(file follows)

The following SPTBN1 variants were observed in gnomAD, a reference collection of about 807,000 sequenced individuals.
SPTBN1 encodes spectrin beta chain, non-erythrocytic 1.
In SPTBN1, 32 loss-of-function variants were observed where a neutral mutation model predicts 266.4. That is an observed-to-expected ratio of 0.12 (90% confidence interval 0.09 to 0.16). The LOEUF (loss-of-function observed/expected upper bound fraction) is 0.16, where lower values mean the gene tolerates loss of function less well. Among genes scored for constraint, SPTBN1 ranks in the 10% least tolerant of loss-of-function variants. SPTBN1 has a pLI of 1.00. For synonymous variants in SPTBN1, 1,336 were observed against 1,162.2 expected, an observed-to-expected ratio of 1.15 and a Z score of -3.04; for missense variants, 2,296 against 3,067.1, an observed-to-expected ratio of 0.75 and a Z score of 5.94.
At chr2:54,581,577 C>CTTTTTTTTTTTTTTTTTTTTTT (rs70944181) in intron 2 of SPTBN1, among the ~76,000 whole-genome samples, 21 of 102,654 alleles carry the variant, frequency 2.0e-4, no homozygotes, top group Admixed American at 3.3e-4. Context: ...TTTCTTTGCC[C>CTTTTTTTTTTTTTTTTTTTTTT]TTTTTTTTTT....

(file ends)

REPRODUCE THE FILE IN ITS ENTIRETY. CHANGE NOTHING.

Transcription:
The following SPTBN1 variants were observed in gnomAD, a reference collection of about 807,000 sequenced individuals.
SPTBN1 encodes spectrin beta chain, non-erythrocytic 1.
In SPTBN1, 32 loss-of-function variants were observed where a neutral mutation model predicts 266.4. That is an observed-to-expected ratio of 0.12 (90% confidence interval 0.09 to 0.16). The LOEUF (loss-of-function observed/expected upper bound fraction) is 0.16, where lower values mean the gene tolerates loss of function less well. Among genes scored for constraint, SPTBN1 ranks in the 10% least tolerant of loss-of-function variants. SPTBN1 has a pLI of 1.00. For synonymous variants in SPTBN1, 1,336 were observed against 1,162.2 expected, an observed-to-expected ratio of 1.15 and a Z score of -3.04; for missense variants, 2,296 against 3,067.1, an observed-to-expected ratio of 0.75 and a Z score of 5.94.
At chr2:54,581,577 C>CTTTTTTTTTTTTTTTTTTTTTT (rs70944181) in intron 2 of SPTBN1, among the ~76,000 whole-genome samples, 21 of 102,654 alleles carry the variant, frequency 2.0e-4, no homozygotes, top group Admixed American at 3.3e-4. Context: ...TTTCTTTGCC[C>CTTTTTTTTTTTTTTTTTTTTTT]TTTTTTTTTT....